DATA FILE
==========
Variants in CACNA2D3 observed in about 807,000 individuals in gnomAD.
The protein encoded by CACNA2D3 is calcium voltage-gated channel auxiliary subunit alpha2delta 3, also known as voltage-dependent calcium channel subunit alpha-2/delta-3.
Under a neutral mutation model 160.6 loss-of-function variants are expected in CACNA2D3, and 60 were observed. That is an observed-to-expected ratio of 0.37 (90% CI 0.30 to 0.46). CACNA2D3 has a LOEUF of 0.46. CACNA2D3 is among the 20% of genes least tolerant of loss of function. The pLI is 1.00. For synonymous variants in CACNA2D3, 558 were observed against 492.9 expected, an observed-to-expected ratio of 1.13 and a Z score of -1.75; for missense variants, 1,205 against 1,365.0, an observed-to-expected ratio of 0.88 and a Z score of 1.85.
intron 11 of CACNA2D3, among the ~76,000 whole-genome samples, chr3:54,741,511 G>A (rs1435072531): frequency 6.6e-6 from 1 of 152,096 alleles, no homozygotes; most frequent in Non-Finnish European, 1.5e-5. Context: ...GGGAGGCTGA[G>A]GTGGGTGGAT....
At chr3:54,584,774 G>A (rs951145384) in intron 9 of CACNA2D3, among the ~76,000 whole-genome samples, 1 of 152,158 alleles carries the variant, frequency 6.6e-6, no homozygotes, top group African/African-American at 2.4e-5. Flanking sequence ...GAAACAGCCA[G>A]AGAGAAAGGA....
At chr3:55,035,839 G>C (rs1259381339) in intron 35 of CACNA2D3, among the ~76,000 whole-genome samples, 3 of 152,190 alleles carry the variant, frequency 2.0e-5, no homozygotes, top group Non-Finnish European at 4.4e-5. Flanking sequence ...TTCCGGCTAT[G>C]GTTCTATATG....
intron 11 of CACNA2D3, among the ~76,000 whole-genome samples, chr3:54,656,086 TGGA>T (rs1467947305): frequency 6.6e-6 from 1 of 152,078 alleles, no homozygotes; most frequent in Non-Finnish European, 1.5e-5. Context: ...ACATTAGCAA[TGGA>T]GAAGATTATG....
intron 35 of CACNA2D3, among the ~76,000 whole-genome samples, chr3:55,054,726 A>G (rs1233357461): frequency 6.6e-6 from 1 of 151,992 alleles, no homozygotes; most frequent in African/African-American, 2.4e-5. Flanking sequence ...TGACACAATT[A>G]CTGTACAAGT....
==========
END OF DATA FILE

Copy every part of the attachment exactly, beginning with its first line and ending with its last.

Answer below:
Variants in CACNA2D3 observed in about 807,000 individuals in gnomAD.
The protein encoded by CACNA2D3 is calcium voltage-gated channel auxiliary subunit alpha2delta 3, also known as voltage-dependent calcium channel subunit alpha-2/delta-3.
Under a neutral mutation model 160.6 loss-of-function variants are expected in CACNA2D3, and 60 were observed. That is an observed-to-expected ratio of 0.37 (90% CI 0.30 to 0.46). CACNA2D3 has a LOEUF of 0.46. CACNA2D3 is among the 20% of genes least tolerant of loss of function. The pLI is 1.00. For synonymous variants in CACNA2D3, 558 were observed against 492.9 expected, an observed-to-expected ratio of 1.13 and a Z score of -1.75; for missense variants, 1,205 against 1,365.0, an observed-to-expected ratio of 0.88 and a Z score of 1.85.
intron 11 of CACNA2D3, among the ~76,000 whole-genome samples, chr3:54,741,511 G>A (rs1435072531): frequency 6.6e-6 from 1 of 152,096 alleles, no homozygotes; most frequent in Non-Finnish European, 1.5e-5. Context: ...GGGAGGCTGA[G>A]GTGGGTGGAT....
At chr3:54,584,774 G>A (rs951145384) in intron 9 of CACNA2D3, among the ~76,000 whole-genome samples, 1 of 152,158 alleles carries the variant, frequency 6.6e-6, no homozygotes, top group African/African-American at 2.4e-5. Flanking sequence ...GAAACAGCCA[G>A]AGAGAAAGGA....
At chr3:55,035,839 G>C (rs1259381339) in intron 35 of CACNA2D3, among the ~76,000 whole-genome samples, 3 of 152,190 alleles carry the variant, frequency 2.0e-5, no homozygotes, top group Non-Finnish European at 4.4e-5. Flanking sequence ...TTCCGGCTAT[G>C]GTTCTATATG....
intron 11 of CACNA2D3, among the ~76,000 whole-genome samples, chr3:54,656,086 TGGA>T (rs1467947305): frequency 6.6e-6 from 1 of 152,078 alleles, no homozygotes; most frequent in Non-Finnish European, 1.5e-5. Context: ...ACATTAGCAA[TGGA>T]GAAGATTATG....
intron 35 of CACNA2D3, among the ~76,000 whole-genome samples, chr3:55,054,726 A>G (rs1233357461): frequency 6.6e-6 from 1 of 151,992 alleles, no homozygotes; most frequent in African/African-American, 2.4e-5. Flanking sequence ...TGACACAATT[A>G]CTGTACAAGT....